Though San Francisco has only been kept in the national spotlight because Richard Sherman's rant at the end of the Seahawks victory over the Niners, here is a little about the long history of Italian restaurants in San Francisco, the most 'Italian' of this country's cities.
San Francisco is an interesting case. Along with New York and New Orleans, it was regarded as one of the three best restaurant cities in the country for much of the 20th century (even according to Duncan Hines, then a well-known scribe of dining guides for travelers). It also had a large Italian population, and one of that was very involved in both the local and regional food trades. Italian immigrants dominated the busy fishing industry, first Ligurians, later Sicilians. Italians were farmers and distributors. Del Monte Foods was an example of success in this area. They made Italian food products like Molinari, salumi makers founded by an immigrant from Piedmont. They had pasta factories. They opened restaurants. They made wine on a commercial basis north of the city in Sonoma and Napa counties, and most profitably in the Central Valley, roughly a couple hours northeast. They made money. A larger percentage became prosperous there than elsewhere in the country, led by Amedeo Giannini, the founder of the Bank of America. Italians had a big effect on the culinary habits of the area. The expectations of the Italians for good food and wine that accompanied prosperity along with the natural abundance of northern California and San Francisco’s location on the Pacific were significant in creating its reputation as a top restaurant city. Early Italian restaurateurs laid the groundwork for a restaurant industry that contributed to San Francisco's dining repute. The Italians of San Francisco, though, did not add many dishes to the city’s dining repertoire. The famous cioppino, the Dungeness crab-heavy seafood stew was about the only dish to become part of the city’s food culture. Joe’s Special, a version of a frittata might have been a second, much lesser one. Cioppino was introduced at Bazzuro’s restaurant in North Beach. Its name is a corruption of the Genoese term for a similar dish, ciuppin.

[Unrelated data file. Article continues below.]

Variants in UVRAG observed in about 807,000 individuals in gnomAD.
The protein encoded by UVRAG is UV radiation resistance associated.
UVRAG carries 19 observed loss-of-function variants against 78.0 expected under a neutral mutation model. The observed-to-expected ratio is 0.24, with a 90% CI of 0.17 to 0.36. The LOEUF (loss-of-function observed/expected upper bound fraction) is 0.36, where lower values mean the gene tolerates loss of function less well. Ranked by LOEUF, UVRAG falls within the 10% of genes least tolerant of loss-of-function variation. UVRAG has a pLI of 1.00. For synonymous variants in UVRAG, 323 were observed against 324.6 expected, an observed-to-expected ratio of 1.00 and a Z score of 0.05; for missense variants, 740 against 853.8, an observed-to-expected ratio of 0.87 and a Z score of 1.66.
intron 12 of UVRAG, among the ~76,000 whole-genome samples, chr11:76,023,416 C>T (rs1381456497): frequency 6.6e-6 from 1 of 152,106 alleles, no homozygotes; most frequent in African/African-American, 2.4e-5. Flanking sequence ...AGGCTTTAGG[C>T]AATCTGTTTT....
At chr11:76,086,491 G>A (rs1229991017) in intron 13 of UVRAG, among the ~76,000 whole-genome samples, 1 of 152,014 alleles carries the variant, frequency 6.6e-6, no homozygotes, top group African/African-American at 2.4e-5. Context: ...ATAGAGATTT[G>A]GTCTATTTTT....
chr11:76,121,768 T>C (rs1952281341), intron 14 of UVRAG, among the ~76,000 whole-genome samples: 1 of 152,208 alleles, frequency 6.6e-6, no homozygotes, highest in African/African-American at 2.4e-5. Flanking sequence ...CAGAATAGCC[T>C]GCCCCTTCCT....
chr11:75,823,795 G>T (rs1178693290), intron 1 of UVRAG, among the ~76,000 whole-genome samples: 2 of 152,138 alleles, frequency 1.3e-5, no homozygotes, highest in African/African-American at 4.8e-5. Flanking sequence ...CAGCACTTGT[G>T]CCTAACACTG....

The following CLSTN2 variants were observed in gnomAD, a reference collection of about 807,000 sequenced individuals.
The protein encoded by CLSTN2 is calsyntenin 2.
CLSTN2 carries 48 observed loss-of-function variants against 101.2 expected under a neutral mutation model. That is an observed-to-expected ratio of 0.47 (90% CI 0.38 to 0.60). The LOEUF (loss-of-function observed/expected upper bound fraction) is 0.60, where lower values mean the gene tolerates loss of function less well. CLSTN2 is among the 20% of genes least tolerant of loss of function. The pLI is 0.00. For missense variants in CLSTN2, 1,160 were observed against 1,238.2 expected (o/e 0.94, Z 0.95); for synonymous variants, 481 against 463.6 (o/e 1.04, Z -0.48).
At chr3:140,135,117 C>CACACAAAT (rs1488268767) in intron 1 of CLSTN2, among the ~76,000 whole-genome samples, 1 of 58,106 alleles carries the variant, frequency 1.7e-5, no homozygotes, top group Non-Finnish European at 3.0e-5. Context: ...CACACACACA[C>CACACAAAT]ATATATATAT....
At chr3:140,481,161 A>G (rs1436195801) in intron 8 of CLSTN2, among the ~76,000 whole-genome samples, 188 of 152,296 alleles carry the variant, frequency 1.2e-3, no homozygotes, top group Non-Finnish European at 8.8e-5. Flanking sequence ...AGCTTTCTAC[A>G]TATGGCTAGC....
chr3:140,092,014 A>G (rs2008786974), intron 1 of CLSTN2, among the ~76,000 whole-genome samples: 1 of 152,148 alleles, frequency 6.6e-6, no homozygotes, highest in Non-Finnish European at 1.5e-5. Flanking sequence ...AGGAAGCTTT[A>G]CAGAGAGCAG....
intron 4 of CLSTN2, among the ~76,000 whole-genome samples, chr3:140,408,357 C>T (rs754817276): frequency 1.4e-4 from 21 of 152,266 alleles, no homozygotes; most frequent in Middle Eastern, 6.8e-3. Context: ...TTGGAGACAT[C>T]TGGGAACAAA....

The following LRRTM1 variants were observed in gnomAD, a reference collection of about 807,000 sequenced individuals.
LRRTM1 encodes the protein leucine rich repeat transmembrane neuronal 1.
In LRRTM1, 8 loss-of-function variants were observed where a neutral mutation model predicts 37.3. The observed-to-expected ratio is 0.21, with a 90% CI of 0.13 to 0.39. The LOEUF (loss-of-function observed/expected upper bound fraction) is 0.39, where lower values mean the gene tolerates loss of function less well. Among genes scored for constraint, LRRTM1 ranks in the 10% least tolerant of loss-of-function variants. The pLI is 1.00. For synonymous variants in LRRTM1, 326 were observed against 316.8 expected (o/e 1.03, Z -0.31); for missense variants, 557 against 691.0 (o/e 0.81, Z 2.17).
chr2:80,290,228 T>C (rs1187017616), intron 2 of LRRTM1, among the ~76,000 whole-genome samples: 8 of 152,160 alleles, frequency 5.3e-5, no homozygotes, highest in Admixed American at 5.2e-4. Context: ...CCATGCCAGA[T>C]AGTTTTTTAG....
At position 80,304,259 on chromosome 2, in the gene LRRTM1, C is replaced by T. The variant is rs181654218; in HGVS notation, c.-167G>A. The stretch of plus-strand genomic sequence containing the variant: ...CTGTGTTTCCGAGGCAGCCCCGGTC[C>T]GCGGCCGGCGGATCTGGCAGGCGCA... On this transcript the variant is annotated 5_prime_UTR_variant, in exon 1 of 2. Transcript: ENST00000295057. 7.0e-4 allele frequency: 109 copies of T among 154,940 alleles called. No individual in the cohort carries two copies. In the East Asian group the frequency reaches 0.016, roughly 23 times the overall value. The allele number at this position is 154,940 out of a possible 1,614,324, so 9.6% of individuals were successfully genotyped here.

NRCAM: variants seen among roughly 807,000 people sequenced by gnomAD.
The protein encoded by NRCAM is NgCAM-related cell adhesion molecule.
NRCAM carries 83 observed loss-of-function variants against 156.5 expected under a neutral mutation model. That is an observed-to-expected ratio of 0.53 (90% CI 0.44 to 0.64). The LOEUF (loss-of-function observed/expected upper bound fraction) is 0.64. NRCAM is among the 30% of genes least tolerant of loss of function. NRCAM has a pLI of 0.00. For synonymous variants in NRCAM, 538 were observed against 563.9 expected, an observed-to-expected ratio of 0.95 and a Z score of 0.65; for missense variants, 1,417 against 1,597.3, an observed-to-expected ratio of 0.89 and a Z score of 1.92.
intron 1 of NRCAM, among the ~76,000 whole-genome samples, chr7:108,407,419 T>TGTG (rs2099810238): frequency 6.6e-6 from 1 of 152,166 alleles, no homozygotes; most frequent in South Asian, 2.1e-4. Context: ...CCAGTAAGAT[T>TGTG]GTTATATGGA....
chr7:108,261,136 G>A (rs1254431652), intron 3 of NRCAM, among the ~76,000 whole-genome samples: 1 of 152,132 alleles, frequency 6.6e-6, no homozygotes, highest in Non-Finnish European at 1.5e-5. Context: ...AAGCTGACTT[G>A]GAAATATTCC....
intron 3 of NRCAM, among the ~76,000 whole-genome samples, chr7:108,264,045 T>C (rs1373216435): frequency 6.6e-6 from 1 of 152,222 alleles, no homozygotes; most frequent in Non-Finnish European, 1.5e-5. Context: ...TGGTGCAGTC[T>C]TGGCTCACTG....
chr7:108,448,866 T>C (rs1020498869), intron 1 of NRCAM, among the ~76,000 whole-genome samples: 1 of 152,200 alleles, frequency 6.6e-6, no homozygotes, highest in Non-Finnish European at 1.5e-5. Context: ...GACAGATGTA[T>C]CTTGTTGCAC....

San Francisco culinary impact was different in large part because its typical Italian was different. Roughly two-thirds of the Italian immigrants to San Francisco were from northern Italy, primarily from Liguria, western Tuscany, which abutted Liguria, as well as a good number from Piedmont. Later, they were joined by those from Cosenza and its environs in northern Calabria, and greater Palermo in Sicily. The restaurant owners were mostly from the north, nearly all of them prior to the First World War. A guidebook published in 1891 wrote, “If the man…sighs for the plats of the Genoese, he has a dozen Italian restaurants to choose from. Genoese was Italian in San Francisco then. The most popular early San Franciscan Italian restaurant was Coppa’s, founded by a chef from French-influenced Turin, who had worked at San Francisco’s best French restaurant. His successor and son trained in Paris as a saucier – a position unnecessary for Italian cooking – and married a woman from there who later served for years as Coppa’s hostess. Sanguinetti’s was the only one of several very popular restaurants around the turn of the 20th century that was southern Italian in character. Sicilians joined the ranks of restaurateurs over the years. Their eateries – many in touristy Fisherman’s Wharf – reflected the local fishing industry that the Sicilians eventually dominated. These usually served straightforward renditions of the freshly caught fare, along with that signature San Francisco dish, cioppino.
There were not many Neapolitans who gave the sustaining flavor that other cities’ Italian restaurants had. Those featuring southern Italian fare were rare until the inevitable arrival of the pizzeria, which came only in the mid-1930s. Though the popular spaghetti and tomato-sauced dishes were found on the menus of San Francisco’s Italian restaurants, these were typically sidelights, as their focus was elsewhere. Since its early days the city’s dining elites had always preferred food with a French accent. Restaurateurs of all backgrounds were quick to oblige where possible. The red sauce loved by nearly all was much more difficult to find here.
This was excerpted from my ebook, From the Antipasto to the Zabaglione – The Story of Italian Restaurants in America.